clock menu more-arrow no yes

Filed under:

Plenty of blame to go around as penalties and poor results on 1st and 2nd downs doomed the Rams early

New, comment

It's hardly fair that St. Louis Rams blockhead extraordinaire Richie Incognito gets all the press for his dumb, costly penalties against the Seahawks this week. The Rams offense committed more than enough penalties to go around, a collective effort at failure.

Huzah for team effort!

When offenses are performing up to par, they can absorb the occasional false start penalty. Not to excuse boneheadedness, but most teams can get five yards lost to a flag back on that same drive or execute on the next possession. Not the Rams of week 1.

There's plenty of talk about their woeful third down conversion rates, but take a look at what they did with first and second downs. In the first half, the Rams eked out 82 yards on 21 first and second down plays. That's an average gain of 3.9 yards per play. That includes a meaningless Steven Jackson run for 3 yards at the end of the first half that finished with Seattle declining Jackson's unnecessary roughness penalty before heading into the locker room.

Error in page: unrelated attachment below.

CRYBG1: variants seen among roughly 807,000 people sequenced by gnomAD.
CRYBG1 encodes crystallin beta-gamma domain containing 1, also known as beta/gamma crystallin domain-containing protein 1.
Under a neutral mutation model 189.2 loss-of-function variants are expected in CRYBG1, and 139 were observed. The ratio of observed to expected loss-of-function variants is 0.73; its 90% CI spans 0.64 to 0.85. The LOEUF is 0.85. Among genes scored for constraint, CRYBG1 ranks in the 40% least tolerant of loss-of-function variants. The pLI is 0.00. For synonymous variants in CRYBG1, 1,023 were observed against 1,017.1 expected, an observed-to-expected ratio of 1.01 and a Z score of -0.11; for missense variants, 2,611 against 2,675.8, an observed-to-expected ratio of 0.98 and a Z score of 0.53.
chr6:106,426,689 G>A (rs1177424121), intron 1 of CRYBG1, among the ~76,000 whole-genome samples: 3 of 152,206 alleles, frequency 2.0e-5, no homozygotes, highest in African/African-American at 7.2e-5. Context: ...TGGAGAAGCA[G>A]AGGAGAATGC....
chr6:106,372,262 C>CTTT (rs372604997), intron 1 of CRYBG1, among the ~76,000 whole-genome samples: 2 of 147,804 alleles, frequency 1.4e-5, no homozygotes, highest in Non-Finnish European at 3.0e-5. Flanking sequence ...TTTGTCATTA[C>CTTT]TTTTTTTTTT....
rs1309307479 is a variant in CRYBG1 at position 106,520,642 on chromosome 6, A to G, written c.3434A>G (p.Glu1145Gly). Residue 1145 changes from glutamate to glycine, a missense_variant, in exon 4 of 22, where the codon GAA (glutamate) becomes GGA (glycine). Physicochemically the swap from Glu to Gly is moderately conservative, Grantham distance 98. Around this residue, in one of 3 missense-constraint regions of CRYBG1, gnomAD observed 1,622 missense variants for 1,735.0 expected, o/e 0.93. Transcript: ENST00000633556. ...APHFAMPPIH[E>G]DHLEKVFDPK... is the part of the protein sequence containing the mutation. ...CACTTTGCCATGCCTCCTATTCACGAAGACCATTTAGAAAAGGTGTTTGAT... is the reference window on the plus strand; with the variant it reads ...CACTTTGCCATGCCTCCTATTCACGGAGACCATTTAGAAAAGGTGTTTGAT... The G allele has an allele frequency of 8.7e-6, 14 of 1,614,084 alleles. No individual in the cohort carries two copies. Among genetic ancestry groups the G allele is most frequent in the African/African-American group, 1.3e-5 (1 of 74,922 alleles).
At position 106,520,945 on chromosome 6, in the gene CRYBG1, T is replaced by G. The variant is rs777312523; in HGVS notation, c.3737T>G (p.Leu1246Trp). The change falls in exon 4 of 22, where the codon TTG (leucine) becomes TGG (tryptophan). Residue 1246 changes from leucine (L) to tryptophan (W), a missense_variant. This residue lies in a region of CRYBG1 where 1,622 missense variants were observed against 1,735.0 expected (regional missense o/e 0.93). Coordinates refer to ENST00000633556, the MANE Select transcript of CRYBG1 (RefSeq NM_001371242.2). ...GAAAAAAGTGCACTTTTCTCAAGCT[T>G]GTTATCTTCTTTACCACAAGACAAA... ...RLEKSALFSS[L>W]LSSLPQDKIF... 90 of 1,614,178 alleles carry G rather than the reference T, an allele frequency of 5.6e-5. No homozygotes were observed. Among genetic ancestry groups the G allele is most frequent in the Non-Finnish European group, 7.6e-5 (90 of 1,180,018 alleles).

The Rams offense had five penalties on first and second down, not including the call declined by Seattle mentioned above, for 40 yards. Incognito only earned two of those penalties. On the third drive of the game (and the Rams had penalties on all of their drives in the first half) Donnie Avery's holding call put the Rams at 2nd-and-12, before a Seattle offsides got five yards back, a pass to FB Mike Karney on 2nd-and-7 ended up incomplete and it was third-and-long.

On the next drive, the Rams overcame LG Jacob Bell's false start and started to get some momentum. Jackson's 10-yard run for a first down after Bell's flag was promptly followed by 16-yard pass to Avery. Four plays, three first downs, everything was coming up Milhouse...and then that team effort came into play.

3rd-and-1, Randy McMichael, false start

3rd-and-6, Marc Bulger, delay of game (that one's not on Bulger alone).

And, suddenly, you've got 3rd-and-11, an incomplete pass, then a botched field goal. At that point, you just knew what the final results would be. Seattle scored on the following possession.

Poor results on first and second downs set the Rams up to fail on third downs. Throw in the cascade of penalities, from several sources, and the final results should surprise none of us.